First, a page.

8 December 2022
Colloquium by Michael W. Mahoney, University of California at Berkeley, US & International Computer Science Institute
Delivering on the promise of machine learning leading to transformational changes in science will require going beyond using machine learning methods (typically developed for very different industrial applications and implemented in very different computational environments) to developing novel machine learning methods that are well-suited to the needs of science. I will describe several examples of this from recent work: one that used methods from numerical integration theory to go beyond traditional machine learning training/testing methodology on discrete data to test whether the learned function is meaningfully continuous; and another that uses ideas from disordered system theory to develop metrics that can be used to evaluate the quality of trained models, even without access to training or testing data. A theme in each case is to use scientific ideas to develop machine learning methods that can be applied to science data and beyond.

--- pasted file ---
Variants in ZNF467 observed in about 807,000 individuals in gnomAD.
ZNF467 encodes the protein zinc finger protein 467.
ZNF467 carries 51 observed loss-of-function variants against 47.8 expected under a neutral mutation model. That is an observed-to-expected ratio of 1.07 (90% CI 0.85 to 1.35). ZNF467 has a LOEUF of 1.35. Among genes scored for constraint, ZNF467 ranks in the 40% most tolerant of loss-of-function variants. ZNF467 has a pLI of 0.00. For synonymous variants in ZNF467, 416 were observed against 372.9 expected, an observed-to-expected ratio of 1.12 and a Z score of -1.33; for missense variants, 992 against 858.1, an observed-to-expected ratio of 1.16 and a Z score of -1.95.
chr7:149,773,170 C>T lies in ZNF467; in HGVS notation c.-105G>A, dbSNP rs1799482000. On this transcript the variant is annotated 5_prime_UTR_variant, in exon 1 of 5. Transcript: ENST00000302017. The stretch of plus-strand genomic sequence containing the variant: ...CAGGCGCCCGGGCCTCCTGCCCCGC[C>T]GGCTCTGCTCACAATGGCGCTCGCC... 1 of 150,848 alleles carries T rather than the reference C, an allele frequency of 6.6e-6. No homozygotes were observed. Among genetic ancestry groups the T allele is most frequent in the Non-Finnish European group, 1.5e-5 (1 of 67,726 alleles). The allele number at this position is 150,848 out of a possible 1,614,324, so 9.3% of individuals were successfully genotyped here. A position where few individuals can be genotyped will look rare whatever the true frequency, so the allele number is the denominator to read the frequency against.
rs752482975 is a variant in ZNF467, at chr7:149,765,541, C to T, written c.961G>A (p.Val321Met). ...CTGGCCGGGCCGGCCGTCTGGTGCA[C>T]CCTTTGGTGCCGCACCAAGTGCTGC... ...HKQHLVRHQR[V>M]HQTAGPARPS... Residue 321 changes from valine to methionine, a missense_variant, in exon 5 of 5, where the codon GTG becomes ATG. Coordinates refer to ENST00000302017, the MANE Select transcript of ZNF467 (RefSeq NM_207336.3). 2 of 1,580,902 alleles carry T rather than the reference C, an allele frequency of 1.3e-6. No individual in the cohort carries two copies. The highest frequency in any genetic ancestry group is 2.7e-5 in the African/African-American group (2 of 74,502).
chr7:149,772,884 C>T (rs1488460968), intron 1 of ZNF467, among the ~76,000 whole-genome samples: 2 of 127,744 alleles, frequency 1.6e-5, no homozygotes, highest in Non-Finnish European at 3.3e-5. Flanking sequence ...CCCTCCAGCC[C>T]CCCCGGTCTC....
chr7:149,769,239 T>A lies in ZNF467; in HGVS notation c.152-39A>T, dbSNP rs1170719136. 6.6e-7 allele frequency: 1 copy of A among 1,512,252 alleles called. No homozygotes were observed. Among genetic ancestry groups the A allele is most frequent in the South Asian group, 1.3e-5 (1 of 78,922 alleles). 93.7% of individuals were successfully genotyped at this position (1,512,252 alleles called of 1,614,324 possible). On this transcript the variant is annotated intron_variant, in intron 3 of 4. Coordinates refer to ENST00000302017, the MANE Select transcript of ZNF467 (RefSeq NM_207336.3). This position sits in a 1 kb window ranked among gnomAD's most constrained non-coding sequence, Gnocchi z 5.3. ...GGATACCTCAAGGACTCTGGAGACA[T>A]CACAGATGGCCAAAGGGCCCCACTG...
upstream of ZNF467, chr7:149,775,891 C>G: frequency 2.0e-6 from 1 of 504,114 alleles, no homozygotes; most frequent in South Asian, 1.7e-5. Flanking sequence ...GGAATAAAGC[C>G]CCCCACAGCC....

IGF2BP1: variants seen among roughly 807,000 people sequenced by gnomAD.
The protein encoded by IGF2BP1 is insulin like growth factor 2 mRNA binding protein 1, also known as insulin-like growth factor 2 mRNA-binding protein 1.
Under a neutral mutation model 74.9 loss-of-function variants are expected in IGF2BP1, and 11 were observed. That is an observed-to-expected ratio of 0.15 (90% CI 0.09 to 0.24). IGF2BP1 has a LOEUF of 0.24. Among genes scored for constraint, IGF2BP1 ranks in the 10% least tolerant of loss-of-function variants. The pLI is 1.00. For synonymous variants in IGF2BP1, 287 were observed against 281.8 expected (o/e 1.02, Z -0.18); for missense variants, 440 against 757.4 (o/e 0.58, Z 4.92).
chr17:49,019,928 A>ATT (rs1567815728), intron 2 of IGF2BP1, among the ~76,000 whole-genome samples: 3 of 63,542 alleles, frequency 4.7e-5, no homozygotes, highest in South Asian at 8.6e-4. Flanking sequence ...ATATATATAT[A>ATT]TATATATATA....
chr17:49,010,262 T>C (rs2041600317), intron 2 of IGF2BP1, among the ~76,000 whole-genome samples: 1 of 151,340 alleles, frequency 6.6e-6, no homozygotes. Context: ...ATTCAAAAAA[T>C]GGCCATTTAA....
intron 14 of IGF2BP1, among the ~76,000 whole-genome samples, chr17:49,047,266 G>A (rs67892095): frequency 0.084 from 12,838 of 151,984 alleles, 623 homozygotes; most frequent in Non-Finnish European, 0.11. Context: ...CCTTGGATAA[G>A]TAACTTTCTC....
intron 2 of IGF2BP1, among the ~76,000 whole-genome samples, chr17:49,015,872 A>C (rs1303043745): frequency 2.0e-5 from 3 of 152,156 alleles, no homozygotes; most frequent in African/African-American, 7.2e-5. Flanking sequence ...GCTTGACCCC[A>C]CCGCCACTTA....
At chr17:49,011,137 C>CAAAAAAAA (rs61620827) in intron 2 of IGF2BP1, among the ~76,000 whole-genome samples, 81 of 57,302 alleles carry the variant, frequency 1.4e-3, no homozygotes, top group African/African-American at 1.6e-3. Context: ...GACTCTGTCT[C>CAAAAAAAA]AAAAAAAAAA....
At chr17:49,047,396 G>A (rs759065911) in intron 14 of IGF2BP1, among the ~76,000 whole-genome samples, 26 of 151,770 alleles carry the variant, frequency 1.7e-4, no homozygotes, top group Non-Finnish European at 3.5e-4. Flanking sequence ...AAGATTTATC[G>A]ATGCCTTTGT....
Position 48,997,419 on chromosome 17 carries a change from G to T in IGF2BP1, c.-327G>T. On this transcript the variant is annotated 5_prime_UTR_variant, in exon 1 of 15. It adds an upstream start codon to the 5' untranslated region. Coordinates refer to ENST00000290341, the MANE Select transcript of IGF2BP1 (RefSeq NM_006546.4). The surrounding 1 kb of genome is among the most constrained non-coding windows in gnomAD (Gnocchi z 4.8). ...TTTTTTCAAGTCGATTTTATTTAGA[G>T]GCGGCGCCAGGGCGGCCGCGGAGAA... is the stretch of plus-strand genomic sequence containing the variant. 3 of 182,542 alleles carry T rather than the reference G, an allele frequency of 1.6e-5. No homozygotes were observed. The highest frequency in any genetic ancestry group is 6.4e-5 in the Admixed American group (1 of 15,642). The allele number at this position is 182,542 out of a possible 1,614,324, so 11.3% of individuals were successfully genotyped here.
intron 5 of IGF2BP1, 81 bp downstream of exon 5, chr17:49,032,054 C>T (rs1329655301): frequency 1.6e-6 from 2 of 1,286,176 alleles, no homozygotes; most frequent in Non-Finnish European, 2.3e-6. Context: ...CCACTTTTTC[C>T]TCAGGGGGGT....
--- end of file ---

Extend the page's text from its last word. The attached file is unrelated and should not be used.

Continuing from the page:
In these and other cases, the core computational component of machine learning methods typically boils down to matrix or graph or optimization algorithms. Here too, the needs of scientific machine learning differ from the needs of industrial machine learning. Thus, I will also describe how we are incorporating randomized matrix algorithms within LAPACK (RandLAPACK). Several challenges and opportunities will be outlined.
Date and time: Online Zoom Meeting
Thursday, December 8th, 17:00 CEST (Berlin/Amsterdam/Paris)
This talk is part of the Data Science Hamburg Colloquium, please contact the DASHH Office
for the zoom access information. Please click